Hugh Dillon doesn’t pay attention to that old saying: Keep your day job.

The frontman of Canadian punk/hard rock outfit Headstones for the last three decades – minus a 10-year group hiatus that began in 2003 – has also forged a successful acting career in films like Hardcore Logo and TV series’like Durham County and Flashpoint. So why does the 53-yearold, who’s been sober for “about 13 years” after well-documented struggles with heroin and booze, continue to make music? “What makes me really tick is the cathartic nature of being able to write because those are my words,” said Dillon – who last year alone shot the films The Humanity Bureau with Nicholas Cage in Osoyoos, B.C., and Wind River with noted screenwriter Taylor Sheridan (Hell or Highwater, Sicario). “Everything else is somebody has written what I’m saying. I do like rock n’roll for that because it is your own vision, it is your own voice, it is your own self-expression.”

The Kingston-formed, Toronto-based Headstones latest disc, Little Army, arrives Friday (June 2) with two shows that night at T.O’s Velvet Underground before a fall tour.

We caught up with Dillon, who’s also got two TV projects in development – one with Sheridan in the U.S. and one in Canada – in T.O. recently.


“I loved his voice, but I really loved the songwriting. That’s what it all comes down to is the songs [like] Jesus Christ Pose. There are certain songs that when I hear them, it’s a time and a place that was defining. My mental visual is sitting behind the driver in a s–y van with the radio stations in Canada and [Soundgarden] would come on and that was the soundtrack of us driving across this country. It was them and Nirvana and The Tragically Hip … nothing else mattered.”


“So much of it, with our history, is linked to alcohol and drugs and underneath that is depression and whatever else is there. What you’re always trying to do is be honest and be upfront. And what’s great about our relationship as a band, we’ve known each other so long, you can see any little warning signs so it helps all of us. I do know enough that you have to be vigilant, you have to know yourself because if you slip in that downward spiral of isolating yourself … you can isolate to a place where it seems to be pointless. And it isn’t. I mean I’ve been there.” SOBRIETY “I played all the, ‘Let me see if this combination works. If I just have half a Valium and one shot of whisky, yeah good.’And it comes back to the concept of fooling yourself. You’ve got to know yourself. You can’t fool yourself. I have done it so much. And that’s what our band is like because we know each other so well. Any misstep or anything that’s bulls–, everyone is lasered on it. And so it kind of makes you accountable. Because it isn’t just you, your actions affect everybody. And if you want to f–ing be part of [a band] – be honest.”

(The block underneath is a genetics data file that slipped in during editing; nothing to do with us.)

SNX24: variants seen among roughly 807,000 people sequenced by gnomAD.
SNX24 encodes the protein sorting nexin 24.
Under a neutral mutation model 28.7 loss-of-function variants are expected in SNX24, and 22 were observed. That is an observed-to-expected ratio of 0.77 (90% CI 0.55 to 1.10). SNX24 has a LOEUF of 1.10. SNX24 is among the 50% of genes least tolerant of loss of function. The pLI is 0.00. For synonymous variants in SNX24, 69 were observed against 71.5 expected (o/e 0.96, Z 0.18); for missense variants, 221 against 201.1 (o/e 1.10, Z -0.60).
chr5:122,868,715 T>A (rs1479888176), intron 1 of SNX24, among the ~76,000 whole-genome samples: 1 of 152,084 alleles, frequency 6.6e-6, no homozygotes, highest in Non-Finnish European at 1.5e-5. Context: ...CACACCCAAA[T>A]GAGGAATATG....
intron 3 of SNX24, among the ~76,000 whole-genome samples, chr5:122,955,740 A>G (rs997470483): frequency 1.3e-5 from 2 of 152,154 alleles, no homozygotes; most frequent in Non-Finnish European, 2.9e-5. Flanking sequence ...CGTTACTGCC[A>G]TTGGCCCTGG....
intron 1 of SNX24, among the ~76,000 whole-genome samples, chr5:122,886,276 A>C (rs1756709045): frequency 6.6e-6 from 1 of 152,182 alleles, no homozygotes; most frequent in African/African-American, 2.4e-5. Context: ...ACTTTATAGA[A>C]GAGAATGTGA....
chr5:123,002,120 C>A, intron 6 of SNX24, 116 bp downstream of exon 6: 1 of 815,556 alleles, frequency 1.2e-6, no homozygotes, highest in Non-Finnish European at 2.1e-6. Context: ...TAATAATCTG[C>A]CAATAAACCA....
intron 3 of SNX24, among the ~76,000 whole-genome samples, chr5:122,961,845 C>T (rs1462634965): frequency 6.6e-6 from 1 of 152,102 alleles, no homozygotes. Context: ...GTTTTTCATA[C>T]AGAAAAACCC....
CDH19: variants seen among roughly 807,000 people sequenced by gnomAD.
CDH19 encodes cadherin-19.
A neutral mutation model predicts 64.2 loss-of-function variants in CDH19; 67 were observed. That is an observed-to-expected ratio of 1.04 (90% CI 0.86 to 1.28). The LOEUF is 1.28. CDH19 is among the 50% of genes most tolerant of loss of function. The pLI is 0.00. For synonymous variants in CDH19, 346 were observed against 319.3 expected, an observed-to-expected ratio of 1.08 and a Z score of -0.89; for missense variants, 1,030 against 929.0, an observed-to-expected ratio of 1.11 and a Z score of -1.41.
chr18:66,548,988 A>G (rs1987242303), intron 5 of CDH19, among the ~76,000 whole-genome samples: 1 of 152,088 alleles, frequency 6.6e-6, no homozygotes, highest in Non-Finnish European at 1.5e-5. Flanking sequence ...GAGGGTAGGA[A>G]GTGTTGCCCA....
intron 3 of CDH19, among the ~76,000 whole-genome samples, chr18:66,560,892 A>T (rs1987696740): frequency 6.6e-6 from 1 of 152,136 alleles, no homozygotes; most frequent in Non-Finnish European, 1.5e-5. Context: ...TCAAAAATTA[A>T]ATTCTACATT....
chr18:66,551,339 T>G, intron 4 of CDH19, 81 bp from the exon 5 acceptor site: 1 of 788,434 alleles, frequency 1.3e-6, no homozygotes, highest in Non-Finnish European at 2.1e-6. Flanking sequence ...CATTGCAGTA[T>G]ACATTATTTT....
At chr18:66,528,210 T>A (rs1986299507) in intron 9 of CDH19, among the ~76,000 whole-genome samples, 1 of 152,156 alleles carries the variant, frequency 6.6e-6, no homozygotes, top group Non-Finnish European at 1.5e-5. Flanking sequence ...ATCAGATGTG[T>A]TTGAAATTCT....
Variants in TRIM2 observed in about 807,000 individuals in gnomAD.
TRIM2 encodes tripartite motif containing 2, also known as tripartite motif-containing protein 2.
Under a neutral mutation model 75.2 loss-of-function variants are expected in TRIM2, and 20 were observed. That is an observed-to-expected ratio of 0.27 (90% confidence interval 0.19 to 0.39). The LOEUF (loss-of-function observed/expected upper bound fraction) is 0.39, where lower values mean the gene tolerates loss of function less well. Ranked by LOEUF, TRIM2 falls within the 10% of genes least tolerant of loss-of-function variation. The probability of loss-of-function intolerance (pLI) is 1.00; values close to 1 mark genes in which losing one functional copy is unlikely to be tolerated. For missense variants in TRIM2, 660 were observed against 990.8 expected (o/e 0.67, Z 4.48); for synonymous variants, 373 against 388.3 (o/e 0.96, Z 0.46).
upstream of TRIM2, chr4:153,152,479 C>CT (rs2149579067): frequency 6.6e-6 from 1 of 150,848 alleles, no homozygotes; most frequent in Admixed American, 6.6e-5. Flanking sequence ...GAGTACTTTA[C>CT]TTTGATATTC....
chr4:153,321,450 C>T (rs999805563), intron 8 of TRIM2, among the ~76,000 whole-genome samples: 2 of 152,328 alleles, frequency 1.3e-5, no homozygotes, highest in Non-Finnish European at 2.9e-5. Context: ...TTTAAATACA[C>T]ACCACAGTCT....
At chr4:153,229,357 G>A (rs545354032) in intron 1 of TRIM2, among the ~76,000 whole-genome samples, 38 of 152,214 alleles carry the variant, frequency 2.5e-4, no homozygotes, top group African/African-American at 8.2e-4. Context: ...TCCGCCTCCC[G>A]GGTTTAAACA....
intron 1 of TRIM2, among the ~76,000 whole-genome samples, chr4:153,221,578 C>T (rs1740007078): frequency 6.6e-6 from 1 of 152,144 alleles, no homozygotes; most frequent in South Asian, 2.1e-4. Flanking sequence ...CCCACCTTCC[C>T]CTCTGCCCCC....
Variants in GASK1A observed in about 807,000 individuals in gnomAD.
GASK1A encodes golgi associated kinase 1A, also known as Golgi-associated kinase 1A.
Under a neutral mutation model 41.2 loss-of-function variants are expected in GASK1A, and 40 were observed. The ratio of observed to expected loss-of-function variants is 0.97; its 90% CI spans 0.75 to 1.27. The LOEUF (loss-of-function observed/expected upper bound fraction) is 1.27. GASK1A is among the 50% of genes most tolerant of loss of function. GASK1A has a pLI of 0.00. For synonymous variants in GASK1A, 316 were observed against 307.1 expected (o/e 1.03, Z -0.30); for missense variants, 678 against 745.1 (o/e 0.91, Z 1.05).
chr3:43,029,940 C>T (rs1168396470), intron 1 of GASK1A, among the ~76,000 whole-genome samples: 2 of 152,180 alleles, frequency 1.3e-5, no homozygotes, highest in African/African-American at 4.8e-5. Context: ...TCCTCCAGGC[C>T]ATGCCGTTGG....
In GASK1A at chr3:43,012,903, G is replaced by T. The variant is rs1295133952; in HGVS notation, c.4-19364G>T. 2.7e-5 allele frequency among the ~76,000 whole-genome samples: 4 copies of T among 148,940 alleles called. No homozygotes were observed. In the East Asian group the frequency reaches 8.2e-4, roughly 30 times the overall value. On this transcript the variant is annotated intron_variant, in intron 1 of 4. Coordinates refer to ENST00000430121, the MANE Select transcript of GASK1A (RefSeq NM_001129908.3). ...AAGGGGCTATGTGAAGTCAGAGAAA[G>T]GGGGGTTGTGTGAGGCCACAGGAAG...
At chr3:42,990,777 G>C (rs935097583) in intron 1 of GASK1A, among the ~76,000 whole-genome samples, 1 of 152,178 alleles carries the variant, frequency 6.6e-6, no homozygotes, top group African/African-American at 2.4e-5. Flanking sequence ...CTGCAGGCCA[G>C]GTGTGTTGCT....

“[Nic] was just an awesome professional. You know I like working hard and it’s just you have to be on your game. He had such a grounded, hard work ethic and for me that guy’s been married to Elvis’daughter [Lisa Marie Presley], his uncle is Francis Ford Coppola, he was in [the 1983 film] Rumble Fish, and yet it’s all about the work. And I like it to be about the work … It’s gratifying to see somebody through life’s maze bulls–is on the ground bringing his A game.”


“My grandfather’s a writer. It’s storytelling. I’m Irish. It runs in the blood. I’m black Irish so I’ve got to deal with the temper and the nonsense. You’ve got to know yourself. You’ve got to not let your thoughts take you into some dark alley. It’s like being able to put it somewhere. And even when I didn’t have the band [during the hiatus] and I was trying to find my way and doing Flashpoint, I had a solo band, I was always write. It stops me from acting in ways that I used to act. That’s why I love writing because it calms you and it puts everything down on paper.”